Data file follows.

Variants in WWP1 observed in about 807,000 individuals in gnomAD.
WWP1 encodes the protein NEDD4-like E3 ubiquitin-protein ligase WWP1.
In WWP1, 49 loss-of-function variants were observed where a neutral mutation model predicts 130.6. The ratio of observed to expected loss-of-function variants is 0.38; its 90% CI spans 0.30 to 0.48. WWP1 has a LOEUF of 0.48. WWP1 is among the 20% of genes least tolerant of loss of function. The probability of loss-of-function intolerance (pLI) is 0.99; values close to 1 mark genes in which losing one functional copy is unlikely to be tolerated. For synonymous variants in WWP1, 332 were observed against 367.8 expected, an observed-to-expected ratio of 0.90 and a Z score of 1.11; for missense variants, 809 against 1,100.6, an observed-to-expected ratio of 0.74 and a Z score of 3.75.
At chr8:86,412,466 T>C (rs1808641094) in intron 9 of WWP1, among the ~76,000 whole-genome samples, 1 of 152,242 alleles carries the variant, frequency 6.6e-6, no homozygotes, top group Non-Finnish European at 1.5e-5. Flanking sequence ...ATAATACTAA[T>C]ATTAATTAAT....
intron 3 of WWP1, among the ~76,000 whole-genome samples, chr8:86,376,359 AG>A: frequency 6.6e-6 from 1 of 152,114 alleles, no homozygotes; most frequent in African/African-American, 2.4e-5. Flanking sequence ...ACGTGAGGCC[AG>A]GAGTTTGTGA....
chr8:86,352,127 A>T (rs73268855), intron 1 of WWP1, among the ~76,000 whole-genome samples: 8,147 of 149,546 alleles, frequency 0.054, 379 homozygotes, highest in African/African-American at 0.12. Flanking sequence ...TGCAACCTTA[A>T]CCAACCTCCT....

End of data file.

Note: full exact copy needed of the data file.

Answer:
Variants in WWP1 observed in about 807,000 individuals in gnomAD.
WWP1 encodes the protein NEDD4-like E3 ubiquitin-protein ligase WWP1.
In WWP1, 49 loss-of-function variants were observed where a neutral mutation model predicts 130.6. The ratio of observed to expected loss-of-function variants is 0.38; its 90% CI spans 0.30 to 0.48. WWP1 has a LOEUF of 0.48. WWP1 is among the 20% of genes least tolerant of loss of function. The probability of loss-of-function intolerance (pLI) is 0.99; values close to 1 mark genes in which losing one functional copy is unlikely to be tolerated. For synonymous variants in WWP1, 332 were observed against 367.8 expected, an observed-to-expected ratio of 0.90 and a Z score of 1.11; for missense variants, 809 against 1,100.6, an observed-to-expected ratio of 0.74 and a Z score of 3.75.
At chr8:86,412,466 T>C (rs1808641094) in intron 9 of WWP1, among the ~76,000 whole-genome samples, 1 of 152,242 alleles carries the variant, frequency 6.6e-6, no homozygotes, top group Non-Finnish European at 1.5e-5. Flanking sequence ...ATAATACTAA[T>C]ATTAATTAAT....
intron 3 of WWP1, among the ~76,000 whole-genome samples, chr8:86,376,359 AG>A: frequency 6.6e-6 from 1 of 152,114 alleles, no homozygotes; most frequent in African/African-American, 2.4e-5. Flanking sequence ...ACGTGAGGCC[AG>A]GAGTTTGTGA....
chr8:86,352,127 A>T (rs73268855), intron 1 of WWP1, among the ~76,000 whole-genome samples: 8,147 of 149,546 alleles, frequency 0.054, 379 homozygotes, highest in African/African-American at 0.12. Flanking sequence ...TGCAACCTTA[A>T]CCAACCTCCT....